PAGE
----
Be Remarkable or Quit, Godin Says

“If you can't make something remarkable, quit,” best-selling author Seth Godin told a room full of marketers yesterday, adding that the once widely accepted marketing mandate of making average products for average people no longer holds true.

Godin, who was the keynote speaker at DMAo05's luncheon general session yesterday, said that in the old days it was good enough for Revlon founder Charles Revson to buys ads on TV in order to drive sales for his brand.

The model of the industry in those days was “spend a nickel interrupting people, make 6 cents, repeat,” Godin said.

Then the number of TV channels multiplied and the Internet came along. These and other factors broke the model, and, as a result, “it is fading and fading fast,” he said. And it won’t get better. The only way for a marketer to expand now is to acknowledge certain truths, he said. One is that clutter abounds, as exemplified by the 19 flavors of Oreo cookies.

Another is that most people don’t care what brand of car they get when they’re renting because most brands of cars, like other consumer goods, are good enough, Godin said.

What these truths translate to for many marketers is that they’re trying to sell products to people who don’t care about them and don’t even know they exist, he continued.

The news isn’t all bad, though. Godin sees a fork in the marketing road, and one path is being taken by brand managers who won’t accept that the old model isn’t working. Then there are those willing to set off on a new direction.

One key in the new model is to make something remarkable, Godin said. He meant that literally, in the sense that it is something worth making a remark about — because once people start talking about your product, you get past the spam.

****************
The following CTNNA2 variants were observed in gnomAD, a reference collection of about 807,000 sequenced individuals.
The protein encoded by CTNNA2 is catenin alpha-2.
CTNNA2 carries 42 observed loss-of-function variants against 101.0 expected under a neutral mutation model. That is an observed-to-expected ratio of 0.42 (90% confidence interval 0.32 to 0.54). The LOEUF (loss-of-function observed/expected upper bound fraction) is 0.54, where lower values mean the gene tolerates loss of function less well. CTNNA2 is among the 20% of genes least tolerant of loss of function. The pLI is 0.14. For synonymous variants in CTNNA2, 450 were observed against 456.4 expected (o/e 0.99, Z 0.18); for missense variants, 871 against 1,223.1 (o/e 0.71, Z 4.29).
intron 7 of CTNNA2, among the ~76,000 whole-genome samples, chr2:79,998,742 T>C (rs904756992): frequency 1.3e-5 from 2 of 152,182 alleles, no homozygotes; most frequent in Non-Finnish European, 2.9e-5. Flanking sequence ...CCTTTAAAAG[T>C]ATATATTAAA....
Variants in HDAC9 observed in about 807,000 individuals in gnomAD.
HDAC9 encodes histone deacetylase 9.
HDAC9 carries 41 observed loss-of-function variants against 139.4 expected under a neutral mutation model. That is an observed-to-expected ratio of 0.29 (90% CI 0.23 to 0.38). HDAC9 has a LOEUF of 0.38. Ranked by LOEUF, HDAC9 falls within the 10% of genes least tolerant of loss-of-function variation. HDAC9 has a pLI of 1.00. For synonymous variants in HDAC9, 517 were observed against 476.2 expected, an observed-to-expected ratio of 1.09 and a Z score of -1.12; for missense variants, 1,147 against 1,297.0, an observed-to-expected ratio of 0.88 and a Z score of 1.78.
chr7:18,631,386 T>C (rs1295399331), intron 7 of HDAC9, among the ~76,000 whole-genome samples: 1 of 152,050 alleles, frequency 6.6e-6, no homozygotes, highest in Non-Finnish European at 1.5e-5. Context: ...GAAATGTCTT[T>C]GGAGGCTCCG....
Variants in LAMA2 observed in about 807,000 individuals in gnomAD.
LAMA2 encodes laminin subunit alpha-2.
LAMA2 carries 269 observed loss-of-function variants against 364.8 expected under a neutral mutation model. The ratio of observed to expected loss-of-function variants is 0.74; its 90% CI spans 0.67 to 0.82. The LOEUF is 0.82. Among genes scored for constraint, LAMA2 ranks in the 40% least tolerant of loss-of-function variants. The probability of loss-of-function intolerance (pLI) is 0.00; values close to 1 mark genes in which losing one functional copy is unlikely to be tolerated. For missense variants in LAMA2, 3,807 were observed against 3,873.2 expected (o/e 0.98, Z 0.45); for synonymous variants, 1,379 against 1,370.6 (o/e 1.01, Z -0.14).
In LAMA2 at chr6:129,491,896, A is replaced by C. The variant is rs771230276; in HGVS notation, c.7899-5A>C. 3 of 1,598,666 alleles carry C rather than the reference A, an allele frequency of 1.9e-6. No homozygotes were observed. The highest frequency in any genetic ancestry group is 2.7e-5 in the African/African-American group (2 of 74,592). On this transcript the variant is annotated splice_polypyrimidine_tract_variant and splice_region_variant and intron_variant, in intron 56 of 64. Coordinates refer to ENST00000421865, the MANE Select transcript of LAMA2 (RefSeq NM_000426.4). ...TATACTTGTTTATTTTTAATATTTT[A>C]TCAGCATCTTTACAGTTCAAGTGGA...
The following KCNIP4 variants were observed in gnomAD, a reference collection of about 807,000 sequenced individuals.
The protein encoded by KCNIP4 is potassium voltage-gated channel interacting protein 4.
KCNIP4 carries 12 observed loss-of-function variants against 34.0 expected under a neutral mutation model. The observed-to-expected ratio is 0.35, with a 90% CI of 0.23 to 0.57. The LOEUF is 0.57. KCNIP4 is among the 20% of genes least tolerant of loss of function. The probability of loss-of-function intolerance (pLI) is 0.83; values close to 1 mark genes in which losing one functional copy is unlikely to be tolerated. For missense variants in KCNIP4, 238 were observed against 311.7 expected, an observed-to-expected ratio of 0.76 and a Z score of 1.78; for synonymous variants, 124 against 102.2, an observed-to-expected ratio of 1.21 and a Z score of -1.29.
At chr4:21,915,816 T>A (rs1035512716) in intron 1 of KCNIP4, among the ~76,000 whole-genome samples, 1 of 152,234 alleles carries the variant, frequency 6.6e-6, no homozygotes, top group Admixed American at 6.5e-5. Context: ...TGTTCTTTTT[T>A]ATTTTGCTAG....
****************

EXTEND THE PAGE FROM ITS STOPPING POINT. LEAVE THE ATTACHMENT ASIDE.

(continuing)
Godin cited sock brand LittleMissMatched. The Internet and brick-and-mortar retailer started out selling socks for little girls that are intentionally mismatched. They are sold in color-coordinated sets of three and seven. The socks are so popular with little girls that they show their friends which combination they’re wearing.

Another example is Apple, which frequently has 60,000 consumers worldwide watching its product announcements online. Still another is the Web site Am I Hot or Not, where people rate photos uploaded by others. The site,, gets 250,000 unique visitors daily without advertising.

What these companies have discovered is how to market to people who honestly want to hear from them by making something worth talking about. This lets them cut through the clutter and makes the competition disappear, Godin said.

In sum, Godin said, “Don’t be boring.”

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